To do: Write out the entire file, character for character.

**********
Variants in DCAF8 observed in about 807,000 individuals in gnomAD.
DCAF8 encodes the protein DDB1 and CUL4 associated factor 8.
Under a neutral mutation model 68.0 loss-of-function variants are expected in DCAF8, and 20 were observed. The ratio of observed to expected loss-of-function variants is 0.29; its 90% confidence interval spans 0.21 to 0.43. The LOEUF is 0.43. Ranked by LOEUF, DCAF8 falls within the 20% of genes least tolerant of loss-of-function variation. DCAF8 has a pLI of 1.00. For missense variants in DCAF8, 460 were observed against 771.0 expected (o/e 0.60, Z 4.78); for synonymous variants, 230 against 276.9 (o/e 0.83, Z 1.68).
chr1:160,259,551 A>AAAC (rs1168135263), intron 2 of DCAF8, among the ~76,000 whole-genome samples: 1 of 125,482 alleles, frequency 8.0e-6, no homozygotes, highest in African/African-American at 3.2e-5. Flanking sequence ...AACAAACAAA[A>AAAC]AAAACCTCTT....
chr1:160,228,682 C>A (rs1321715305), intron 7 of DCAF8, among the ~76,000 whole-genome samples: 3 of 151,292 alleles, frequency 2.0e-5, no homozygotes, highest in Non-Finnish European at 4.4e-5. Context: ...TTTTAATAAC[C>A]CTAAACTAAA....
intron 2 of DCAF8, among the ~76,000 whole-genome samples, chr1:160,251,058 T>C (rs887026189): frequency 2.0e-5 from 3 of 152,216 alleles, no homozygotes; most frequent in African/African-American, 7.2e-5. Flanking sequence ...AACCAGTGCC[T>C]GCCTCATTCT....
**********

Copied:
Variants in DCAF8 observed in about 807,000 individuals in gnomAD.
DCAF8 encodes the protein DDB1 and CUL4 associated factor 8.
Under a neutral mutation model 68.0 loss-of-function variants are expected in DCAF8, and 20 were observed. The ratio of observed to expected loss-of-function variants is 0.29; its 90% confidence interval spans 0.21 to 0.43. The LOEUF is 0.43. Ranked by LOEUF, DCAF8 falls within the 20% of genes least tolerant of loss-of-function variation. DCAF8 has a pLI of 1.00. For missense variants in DCAF8, 460 were observed against 771.0 expected (o/e 0.60, Z 4.78); for synonymous variants, 230 against 276.9 (o/e 0.83, Z 1.68).
chr1:160,259,551 A>AAAC (rs1168135263), intron 2 of DCAF8, among the ~76,000 whole-genome samples: 1 of 125,482 alleles, frequency 8.0e-6, no homozygotes, highest in African/African-American at 3.2e-5. Flanking sequence ...AACAAACAAA[A>AAAC]AAAACCTCTT....
chr1:160,228,682 C>A (rs1321715305), intron 7 of DCAF8, among the ~76,000 whole-genome samples: 3 of 151,292 alleles, frequency 2.0e-5, no homozygotes, highest in Non-Finnish European at 4.4e-5. Context: ...TTTTAATAAC[C>A]CTAAACTAAA....
intron 2 of DCAF8, among the ~76,000 whole-genome samples, chr1:160,251,058 T>C (rs887026189): frequency 2.0e-5 from 3 of 152,216 alleles, no homozygotes; most frequent in African/African-American, 7.2e-5. Flanking sequence ...AACCAGTGCC[T>C]GCCTCATTCT....